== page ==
July 5 @ 09:30 - 11:00 Wroclaw (CEST)
Panel formed with individual proposals.
The people demand legally correct, transparent, persuasive, and consistent decisions from any court, and this burden is even heavier in the case of constitutional courts. Therefore, we should be able to determine quantitative indicators to evaluate a constitutional court. However, our judgment should not be based on our feelings or personal preferences but on measurable aspects that can also capture the complex nature of judicial decisions. In this research, I propose a methodology that would answer whether a constitutional court is exercising justifiable judicial deference or is, in fact, no longer functioning as a constitutional court. I will test this method by examining some of the decisions of the Hungarian Constitutional Court and thus partly answer the question of whether the Hungarian Constitutional Court has fulfilled its constitutional function in recent years or not.
In recent years, governments associated with populist politics have undertaken bold and systematic court-curbing projects. This paper advances three interrelated claims about these events: 1) the success of court-curbing projects depends on discursive framing—that is, the way in which judicial power is problematised and how attacks on judicial power are rationalised - 2) populist discourse supplies a powerful frame for court-curbing policies - and 3) court-curbing frames succeed to the extent that they resonate with pre-existing beliefs and values relating to courts and judges. In short, the rhetorical affordances of populism help to explain the apparent connection between populist governments and attacks on judicial power and judicial independence.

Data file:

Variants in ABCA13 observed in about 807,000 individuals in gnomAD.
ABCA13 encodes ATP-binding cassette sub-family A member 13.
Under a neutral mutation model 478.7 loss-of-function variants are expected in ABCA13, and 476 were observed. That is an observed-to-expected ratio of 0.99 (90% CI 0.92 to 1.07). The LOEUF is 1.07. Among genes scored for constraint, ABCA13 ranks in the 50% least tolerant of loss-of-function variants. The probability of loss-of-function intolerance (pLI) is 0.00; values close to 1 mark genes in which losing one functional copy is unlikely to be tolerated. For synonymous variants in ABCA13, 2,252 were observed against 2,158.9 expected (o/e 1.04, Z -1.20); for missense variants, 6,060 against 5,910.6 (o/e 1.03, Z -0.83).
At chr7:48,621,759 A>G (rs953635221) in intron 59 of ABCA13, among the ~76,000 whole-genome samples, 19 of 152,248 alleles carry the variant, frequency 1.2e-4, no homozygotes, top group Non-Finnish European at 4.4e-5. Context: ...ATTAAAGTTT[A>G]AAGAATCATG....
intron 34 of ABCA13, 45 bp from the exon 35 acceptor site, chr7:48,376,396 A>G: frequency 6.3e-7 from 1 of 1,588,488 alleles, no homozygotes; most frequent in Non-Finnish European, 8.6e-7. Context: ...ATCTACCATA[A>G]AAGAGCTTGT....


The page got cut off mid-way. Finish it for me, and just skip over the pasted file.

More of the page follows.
Constitutional Courts must rely on political and social actors to implement their decisions. In order to ease this acceptance, judges can soften the acceptance of decisions, foster public support and avoid conflicts with political branches. The institutional environment might influence on the Court‘s ability to reach this goal. However, it is not clear how could a Court find tools to employ such strategies in its own institutional design. Even seminal comparative efforts, such Garoupa and Ginsburg‘s comparative theory of judicial reputation, still don‘t provide guidance on how to reach this high status in each specific society. In order to address this shortcoming, it is necessary to employ an empirical in-depth look in the institutional design of several countries. This paper offers a methodological proposal for researches that aim to compare how well-equipped different constitutional courts are to reach this goal and hence to survive politically.
Recent judgments of the I-ACtHR have addressed the issue of the ratification of judges from the perspective of the principle of judicial independence (JI) (Cuya Lavy et al. vs. Peru, 2021 - Moya Solís vs. Peru, 2021). In what sense is the ratification process “materially punitive“, as the Inter-American Court says? Is it a type of judicial disciplinary process or does it have a different nature and scope? Can a country maintain ratification processes in accordance with Am. Conv. H.R.? And how to guarantee that it does not violate JI? The presentation will review the evolution of inter-American case-law on JI, as well as that of the Peruvian Constitutional Court, contrasting them and appreciating points of opposition and complementarity. It will also introduce comparative elements with ECtHR decisions on judicial disciplinary control and JI (for example, Baka vs. Hungary, 2016 - Kovesi vs. Romania, 2020 - Ramos Nunez de Carvalho e Sá vs. Portugal, 2018 - Kudeshkina vs. Russia, 2009).
In response to the illiberal shifts taking place in different EU member states, the CJEU and the ECtHR have developed an abundant case-law in which they establish specific requirements on the independence of the judiciary as a component of the rule of law. While the usual suspects of illiberal shifts are concerned, one may wonder what the impact of this case-law on other EU member states may be. In this paper, it will be argued that, while the European courts‘ recent case-law has emerged in a context of crisis, it should further be scrutinised in the context of all member states, thus consolidating the foundations of a European common legal space where the rule of law is respected. In this context, this paper will use France and Spain as case studies. Indeed, one may wonder whether the procedures and/or practices relating to the composition of the French and Spanish constitutional courts indeed comply with European standards.